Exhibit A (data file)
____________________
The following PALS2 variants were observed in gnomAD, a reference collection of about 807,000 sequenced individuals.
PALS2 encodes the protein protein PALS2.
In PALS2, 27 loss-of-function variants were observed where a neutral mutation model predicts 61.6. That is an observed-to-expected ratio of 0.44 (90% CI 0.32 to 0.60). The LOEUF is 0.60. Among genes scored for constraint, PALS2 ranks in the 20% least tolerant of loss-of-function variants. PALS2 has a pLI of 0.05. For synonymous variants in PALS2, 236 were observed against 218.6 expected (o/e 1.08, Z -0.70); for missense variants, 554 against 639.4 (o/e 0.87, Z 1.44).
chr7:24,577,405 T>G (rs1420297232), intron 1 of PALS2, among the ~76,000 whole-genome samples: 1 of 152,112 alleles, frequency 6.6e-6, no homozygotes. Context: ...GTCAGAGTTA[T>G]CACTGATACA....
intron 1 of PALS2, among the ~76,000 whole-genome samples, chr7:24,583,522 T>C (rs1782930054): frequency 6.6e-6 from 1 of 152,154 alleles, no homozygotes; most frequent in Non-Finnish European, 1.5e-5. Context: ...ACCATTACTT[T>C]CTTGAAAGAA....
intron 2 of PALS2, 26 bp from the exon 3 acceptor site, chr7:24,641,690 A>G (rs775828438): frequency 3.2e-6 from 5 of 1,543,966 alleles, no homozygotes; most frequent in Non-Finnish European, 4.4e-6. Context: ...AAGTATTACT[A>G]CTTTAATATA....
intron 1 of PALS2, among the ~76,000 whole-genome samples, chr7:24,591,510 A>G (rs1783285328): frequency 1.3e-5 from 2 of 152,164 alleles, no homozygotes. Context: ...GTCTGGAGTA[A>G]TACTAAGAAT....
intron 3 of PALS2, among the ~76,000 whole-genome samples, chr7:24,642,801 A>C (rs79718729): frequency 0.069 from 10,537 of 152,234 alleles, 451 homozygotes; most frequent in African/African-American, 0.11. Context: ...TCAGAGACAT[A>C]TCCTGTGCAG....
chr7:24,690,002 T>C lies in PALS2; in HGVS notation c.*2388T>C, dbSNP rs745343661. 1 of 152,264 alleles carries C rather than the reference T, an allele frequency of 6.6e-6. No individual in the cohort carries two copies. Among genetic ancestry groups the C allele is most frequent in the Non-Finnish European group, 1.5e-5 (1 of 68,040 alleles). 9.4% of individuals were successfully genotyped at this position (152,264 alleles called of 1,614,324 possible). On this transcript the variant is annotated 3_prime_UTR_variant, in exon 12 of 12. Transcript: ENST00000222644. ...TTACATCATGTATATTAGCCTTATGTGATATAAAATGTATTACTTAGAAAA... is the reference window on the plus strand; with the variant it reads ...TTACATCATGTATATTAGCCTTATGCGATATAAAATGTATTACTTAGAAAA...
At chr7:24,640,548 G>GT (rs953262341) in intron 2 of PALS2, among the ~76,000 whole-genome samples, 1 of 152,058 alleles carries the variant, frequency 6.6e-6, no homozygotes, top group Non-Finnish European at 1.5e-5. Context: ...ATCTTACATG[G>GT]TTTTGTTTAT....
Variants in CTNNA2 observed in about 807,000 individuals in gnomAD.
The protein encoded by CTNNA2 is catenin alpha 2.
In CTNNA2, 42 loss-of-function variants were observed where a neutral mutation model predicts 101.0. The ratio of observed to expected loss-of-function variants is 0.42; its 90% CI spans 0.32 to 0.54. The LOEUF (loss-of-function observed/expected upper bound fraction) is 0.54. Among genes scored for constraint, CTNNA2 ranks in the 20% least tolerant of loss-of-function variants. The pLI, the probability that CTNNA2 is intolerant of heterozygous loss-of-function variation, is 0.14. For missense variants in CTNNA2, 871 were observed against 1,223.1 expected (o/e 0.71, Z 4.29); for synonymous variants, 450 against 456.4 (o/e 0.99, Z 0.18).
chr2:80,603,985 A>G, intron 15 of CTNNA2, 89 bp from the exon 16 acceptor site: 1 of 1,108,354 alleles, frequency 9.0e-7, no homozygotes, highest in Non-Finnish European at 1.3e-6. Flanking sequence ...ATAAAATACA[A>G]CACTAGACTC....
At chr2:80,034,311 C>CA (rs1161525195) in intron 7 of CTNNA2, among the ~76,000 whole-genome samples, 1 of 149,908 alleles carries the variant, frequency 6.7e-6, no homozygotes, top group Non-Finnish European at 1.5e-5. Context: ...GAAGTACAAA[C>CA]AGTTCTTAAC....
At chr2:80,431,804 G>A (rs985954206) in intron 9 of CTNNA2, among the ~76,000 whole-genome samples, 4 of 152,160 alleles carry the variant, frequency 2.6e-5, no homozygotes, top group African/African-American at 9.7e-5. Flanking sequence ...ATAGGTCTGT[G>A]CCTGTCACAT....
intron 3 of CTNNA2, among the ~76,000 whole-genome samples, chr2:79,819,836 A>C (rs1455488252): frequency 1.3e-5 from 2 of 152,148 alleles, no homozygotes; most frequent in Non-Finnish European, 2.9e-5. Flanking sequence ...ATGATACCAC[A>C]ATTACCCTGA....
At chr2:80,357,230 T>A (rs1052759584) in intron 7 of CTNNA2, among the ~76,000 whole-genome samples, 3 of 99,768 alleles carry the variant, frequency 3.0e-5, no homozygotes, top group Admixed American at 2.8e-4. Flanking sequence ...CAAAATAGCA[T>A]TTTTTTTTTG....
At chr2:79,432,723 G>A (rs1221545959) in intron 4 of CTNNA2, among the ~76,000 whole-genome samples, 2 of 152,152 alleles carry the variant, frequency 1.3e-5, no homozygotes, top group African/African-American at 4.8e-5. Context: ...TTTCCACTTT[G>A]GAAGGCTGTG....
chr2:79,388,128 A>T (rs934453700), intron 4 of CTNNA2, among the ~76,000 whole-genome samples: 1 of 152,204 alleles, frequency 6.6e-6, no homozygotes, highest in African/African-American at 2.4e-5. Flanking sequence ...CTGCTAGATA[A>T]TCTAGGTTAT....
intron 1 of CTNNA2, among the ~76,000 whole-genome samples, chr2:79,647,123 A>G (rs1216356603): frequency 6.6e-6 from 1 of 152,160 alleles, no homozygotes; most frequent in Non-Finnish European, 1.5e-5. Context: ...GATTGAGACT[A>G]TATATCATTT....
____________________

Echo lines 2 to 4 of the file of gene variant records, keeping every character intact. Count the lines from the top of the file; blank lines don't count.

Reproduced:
PALS2 encodes the protein protein PALS2.
In PALS2, 27 loss-of-function variants were observed where a neutral mutation model predicts 61.6. That is an observed-to-expected ratio of 0.44 (90% CI 0.32 to 0.60). The LOEUF is 0.60. Among genes scored for constraint, PALS2 ranks in the 20% least tolerant of loss-of-function variants. PALS2 has a pLI of 0.05. For synonymous variants in PALS2, 236 were observed against 218.6 expected (o/e 1.08, Z -0.70); for missense variants, 554 against 639.4 (o/e 0.87, Z 1.44).
chr7:24,577,405 T>G (rs1420297232), intron 1 of PALS2, among the ~76,000 whole-genome samples: 1 of 152,112 alleles, frequency 6.6e-6, no homozygotes. Context: ...GTCAGAGTTA[T>G]CACTGATACA....